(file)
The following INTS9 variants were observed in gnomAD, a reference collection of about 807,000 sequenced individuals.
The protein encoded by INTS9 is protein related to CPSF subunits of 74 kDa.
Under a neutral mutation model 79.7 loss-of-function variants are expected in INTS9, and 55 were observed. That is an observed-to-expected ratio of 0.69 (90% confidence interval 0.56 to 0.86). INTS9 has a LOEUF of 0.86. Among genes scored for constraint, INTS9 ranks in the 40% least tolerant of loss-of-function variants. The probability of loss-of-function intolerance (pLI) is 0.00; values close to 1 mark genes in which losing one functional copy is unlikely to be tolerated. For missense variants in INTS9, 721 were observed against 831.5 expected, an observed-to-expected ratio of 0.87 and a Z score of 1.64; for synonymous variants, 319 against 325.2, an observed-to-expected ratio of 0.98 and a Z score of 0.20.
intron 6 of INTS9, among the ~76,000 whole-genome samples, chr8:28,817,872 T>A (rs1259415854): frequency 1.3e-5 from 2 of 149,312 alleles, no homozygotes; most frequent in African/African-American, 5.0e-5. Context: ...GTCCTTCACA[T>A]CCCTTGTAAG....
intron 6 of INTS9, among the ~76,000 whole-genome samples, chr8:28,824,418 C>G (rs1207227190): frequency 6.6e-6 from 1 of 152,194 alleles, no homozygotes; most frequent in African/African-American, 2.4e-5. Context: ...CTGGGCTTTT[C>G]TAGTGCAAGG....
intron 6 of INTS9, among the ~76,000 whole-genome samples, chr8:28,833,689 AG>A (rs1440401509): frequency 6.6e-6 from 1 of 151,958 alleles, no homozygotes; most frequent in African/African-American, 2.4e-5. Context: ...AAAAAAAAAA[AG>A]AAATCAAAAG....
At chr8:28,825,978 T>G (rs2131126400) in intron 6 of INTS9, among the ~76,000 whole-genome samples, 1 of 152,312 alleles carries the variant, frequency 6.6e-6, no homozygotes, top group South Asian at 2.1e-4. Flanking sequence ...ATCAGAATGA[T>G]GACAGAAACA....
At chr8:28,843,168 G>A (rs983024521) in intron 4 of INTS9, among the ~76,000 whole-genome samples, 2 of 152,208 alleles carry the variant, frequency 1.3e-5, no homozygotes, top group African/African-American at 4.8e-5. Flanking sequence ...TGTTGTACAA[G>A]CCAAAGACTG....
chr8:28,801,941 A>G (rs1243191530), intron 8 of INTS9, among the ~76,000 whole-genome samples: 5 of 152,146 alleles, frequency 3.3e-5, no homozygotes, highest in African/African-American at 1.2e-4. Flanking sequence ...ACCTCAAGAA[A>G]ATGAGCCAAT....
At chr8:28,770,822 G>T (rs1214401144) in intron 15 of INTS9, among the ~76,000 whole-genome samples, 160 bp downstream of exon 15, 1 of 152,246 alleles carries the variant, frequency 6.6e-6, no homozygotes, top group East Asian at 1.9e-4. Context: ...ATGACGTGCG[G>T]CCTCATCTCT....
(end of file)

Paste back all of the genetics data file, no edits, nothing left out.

The following INTS9 variants were observed in gnomAD, a reference collection of about 807,000 sequenced individuals.
The protein encoded by INTS9 is protein related to CPSF subunits of 74 kDa.
Under a neutral mutation model 79.7 loss-of-function variants are expected in INTS9, and 55 were observed. That is an observed-to-expected ratio of 0.69 (90% confidence interval 0.56 to 0.86). INTS9 has a LOEUF of 0.86. Among genes scored for constraint, INTS9 ranks in the 40% least tolerant of loss-of-function variants. The probability of loss-of-function intolerance (pLI) is 0.00; values close to 1 mark genes in which losing one functional copy is unlikely to be tolerated. For missense variants in INTS9, 721 were observed against 831.5 expected, an observed-to-expected ratio of 0.87 and a Z score of 1.64; for synonymous variants, 319 against 325.2, an observed-to-expected ratio of 0.98 and a Z score of 0.20.
intron 6 of INTS9, among the ~76,000 whole-genome samples, chr8:28,817,872 T>A (rs1259415854): frequency 1.3e-5 from 2 of 149,312 alleles, no homozygotes; most frequent in African/African-American, 5.0e-5. Context: ...GTCCTTCACA[T>A]CCCTTGTAAG....
intron 6 of INTS9, among the ~76,000 whole-genome samples, chr8:28,824,418 C>G (rs1207227190): frequency 6.6e-6 from 1 of 152,194 alleles, no homozygotes; most frequent in African/African-American, 2.4e-5. Context: ...CTGGGCTTTT[C>G]TAGTGCAAGG....
intron 6 of INTS9, among the ~76,000 whole-genome samples, chr8:28,833,689 AG>A (rs1440401509): frequency 6.6e-6 from 1 of 151,958 alleles, no homozygotes; most frequent in African/African-American, 2.4e-5. Context: ...AAAAAAAAAA[AG>A]AAATCAAAAG....
At chr8:28,825,978 T>G (rs2131126400) in intron 6 of INTS9, among the ~76,000 whole-genome samples, 1 of 152,312 alleles carries the variant, frequency 6.6e-6, no homozygotes, top group South Asian at 2.1e-4. Flanking sequence ...ATCAGAATGA[T>G]GACAGAAACA....
At chr8:28,843,168 G>A (rs983024521) in intron 4 of INTS9, among the ~76,000 whole-genome samples, 2 of 152,208 alleles carry the variant, frequency 1.3e-5, no homozygotes, top group African/African-American at 4.8e-5. Flanking sequence ...TGTTGTACAA[G>A]CCAAAGACTG....
chr8:28,801,941 A>G (rs1243191530), intron 8 of INTS9, among the ~76,000 whole-genome samples: 5 of 152,146 alleles, frequency 3.3e-5, no homozygotes, highest in African/African-American at 1.2e-4. Flanking sequence ...ACCTCAAGAA[A>G]ATGAGCCAAT....
At chr8:28,770,822 G>T (rs1214401144) in intron 15 of INTS9, among the ~76,000 whole-genome samples, 160 bp downstream of exon 15, 1 of 152,246 alleles carries the variant, frequency 6.6e-6, no homozygotes, top group East Asian at 1.9e-4. Context: ...ATGACGTGCG[G>T]CCTCATCTCT....